CLEVELAND, Tenn. — Recovery from the April 27 storms will take years, community, church and civic groups were told Monday.
The work will be a marathon, not a sprint, several speakers said as the Bradley County Disaster Relief Committee began its organizational efforts. The committee will work under the Mayors’ Coalition, a group formed long before the tornadoes, to bring people in need into direct contact with those who offer help quickly.
As the group met at the Cleveland/Bradley Chamber of Commerce, Joplin, Mo.’s Sunday tornadoes were on many minds, too.
“It was amazing to turn on the television [Monday] morning and see what is happening in Joplin,” Bradley County Mayor D. Gary Davis said.
Cleveland Mayor Tom Rowland told local care providers that a year from now people still will need help.
Matt Carlson, director of the local Habitat for Humanity chapter and co-chairman of the Bradley County Housing Committee, said the area “had a lot of damage, but we can get back to a new normal.”
But that new normal could be three to five years away, he said, noting that about 1,000 Bradley County homes were damaged or destroyed.
“Not just a few organizations but the whole community must come to the table, and it has,” Carlson said.
“Outside of Cleveland, we are yesterday’s news,” he said, and after agencies including the Federal Emergency Management Agency leave, long-term recovery will be local people helping neighbors, he said.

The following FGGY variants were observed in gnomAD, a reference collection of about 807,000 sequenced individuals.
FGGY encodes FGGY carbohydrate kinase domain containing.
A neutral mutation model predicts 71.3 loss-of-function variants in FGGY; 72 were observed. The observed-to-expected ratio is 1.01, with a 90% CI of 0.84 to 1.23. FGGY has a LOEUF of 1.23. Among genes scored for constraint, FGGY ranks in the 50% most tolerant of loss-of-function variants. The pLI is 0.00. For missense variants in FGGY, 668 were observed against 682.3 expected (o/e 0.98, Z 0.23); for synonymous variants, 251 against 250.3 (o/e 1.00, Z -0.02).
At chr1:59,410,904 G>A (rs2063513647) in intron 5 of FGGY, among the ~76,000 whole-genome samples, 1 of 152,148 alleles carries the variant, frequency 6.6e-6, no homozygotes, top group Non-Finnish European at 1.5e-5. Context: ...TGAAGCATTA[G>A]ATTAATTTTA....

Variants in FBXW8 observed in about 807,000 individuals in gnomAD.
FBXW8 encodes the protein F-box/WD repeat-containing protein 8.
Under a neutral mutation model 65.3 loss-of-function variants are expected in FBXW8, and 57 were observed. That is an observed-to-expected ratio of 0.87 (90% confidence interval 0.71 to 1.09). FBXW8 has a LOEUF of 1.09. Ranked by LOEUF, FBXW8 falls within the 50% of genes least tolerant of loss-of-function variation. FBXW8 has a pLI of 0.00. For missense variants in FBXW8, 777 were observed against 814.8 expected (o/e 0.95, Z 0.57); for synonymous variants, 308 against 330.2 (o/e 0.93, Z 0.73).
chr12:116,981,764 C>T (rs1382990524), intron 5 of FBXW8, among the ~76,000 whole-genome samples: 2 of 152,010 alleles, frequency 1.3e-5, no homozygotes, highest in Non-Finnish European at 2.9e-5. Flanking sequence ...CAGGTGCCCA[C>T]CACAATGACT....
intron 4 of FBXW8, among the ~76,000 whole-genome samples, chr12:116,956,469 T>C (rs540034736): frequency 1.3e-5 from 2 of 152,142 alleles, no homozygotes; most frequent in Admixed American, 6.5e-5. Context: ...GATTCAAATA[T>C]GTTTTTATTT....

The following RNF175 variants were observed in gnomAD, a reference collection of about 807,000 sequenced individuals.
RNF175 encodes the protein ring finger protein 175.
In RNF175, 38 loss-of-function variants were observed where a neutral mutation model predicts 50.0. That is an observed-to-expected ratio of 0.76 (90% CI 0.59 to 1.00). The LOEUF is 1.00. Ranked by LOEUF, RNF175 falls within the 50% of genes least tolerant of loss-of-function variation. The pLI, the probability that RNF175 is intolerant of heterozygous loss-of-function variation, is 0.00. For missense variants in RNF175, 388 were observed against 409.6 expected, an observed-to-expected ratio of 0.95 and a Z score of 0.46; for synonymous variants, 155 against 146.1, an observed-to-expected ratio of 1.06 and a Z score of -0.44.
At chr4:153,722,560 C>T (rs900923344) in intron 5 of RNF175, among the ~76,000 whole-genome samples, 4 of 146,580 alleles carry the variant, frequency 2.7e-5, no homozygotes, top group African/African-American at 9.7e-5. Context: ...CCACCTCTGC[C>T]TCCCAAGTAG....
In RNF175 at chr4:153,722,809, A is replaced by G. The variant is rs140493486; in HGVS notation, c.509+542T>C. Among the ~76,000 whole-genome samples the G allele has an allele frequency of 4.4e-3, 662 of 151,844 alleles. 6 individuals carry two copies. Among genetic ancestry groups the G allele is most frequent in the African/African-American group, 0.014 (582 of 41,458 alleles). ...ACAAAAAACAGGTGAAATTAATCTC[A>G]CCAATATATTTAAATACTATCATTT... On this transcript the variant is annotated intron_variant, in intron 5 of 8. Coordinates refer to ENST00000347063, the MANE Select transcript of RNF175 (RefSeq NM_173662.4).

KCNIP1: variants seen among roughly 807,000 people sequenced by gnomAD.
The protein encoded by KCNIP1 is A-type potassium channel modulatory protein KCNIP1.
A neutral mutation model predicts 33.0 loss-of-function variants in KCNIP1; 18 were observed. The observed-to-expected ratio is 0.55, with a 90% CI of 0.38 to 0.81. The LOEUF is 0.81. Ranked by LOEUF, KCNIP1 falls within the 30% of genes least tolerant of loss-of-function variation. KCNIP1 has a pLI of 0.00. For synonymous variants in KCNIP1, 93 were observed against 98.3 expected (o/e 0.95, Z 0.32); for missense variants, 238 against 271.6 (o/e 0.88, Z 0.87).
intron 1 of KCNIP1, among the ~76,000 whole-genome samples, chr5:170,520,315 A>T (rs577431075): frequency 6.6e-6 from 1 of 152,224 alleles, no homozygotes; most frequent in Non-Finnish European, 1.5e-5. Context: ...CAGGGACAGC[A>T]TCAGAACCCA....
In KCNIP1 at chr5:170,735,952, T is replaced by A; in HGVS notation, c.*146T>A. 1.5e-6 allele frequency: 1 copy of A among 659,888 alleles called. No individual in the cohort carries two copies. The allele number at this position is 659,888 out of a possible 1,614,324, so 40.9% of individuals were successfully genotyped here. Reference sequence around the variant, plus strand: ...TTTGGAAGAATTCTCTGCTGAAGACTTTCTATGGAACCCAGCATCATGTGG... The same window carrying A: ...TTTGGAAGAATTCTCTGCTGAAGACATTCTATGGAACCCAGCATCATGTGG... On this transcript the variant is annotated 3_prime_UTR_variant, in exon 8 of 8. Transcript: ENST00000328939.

Matt Ryerson, from United Way of Bradley County, heads the new Unmet Needs Committee, part of the long-term recovery group. The committee’s job, he said, is to find those needs and then find resources to fill them. He said an example is that many tornado victims did not have usable mattresses. That need has been met, he said.
Gary Farlow, CEO and president of the area Chamber of Commerce, said training sessions from long-term recovery organizations will be available in June.
Those who can help, from work groups to fundraising, are invited to meet Wednesday at 9 a.m. at the Chamber.
State Rep. Kevin Brooks, R-Cleveland, closed Monday’s meeting with a prayer. But before the prayer, he said he had been overwhelmed by the volunteer spirit here.
“I wouldn’t be at all shocked if some of the folks here show up in Joplin,” he said.
Contact Randall Higgins at firstname.lastname@example.org or 423-314-1029.
Randall Higgins covers news in Cleveland, Tenn., for the Times Free Press. He started work with the Chattanooga Times in 1977 and joined the staff of the Chattanooga Times Free Press when the Free Press and Times merged in 1999. Randall has covered Southeast Tennessee, Northwest Georgia and Alabama. He now covers Cleveland and Bradley County and the neighboring region. Randall is a Cleveland native. He has bachelor’s degree from Tennessee Technological University. His awards ...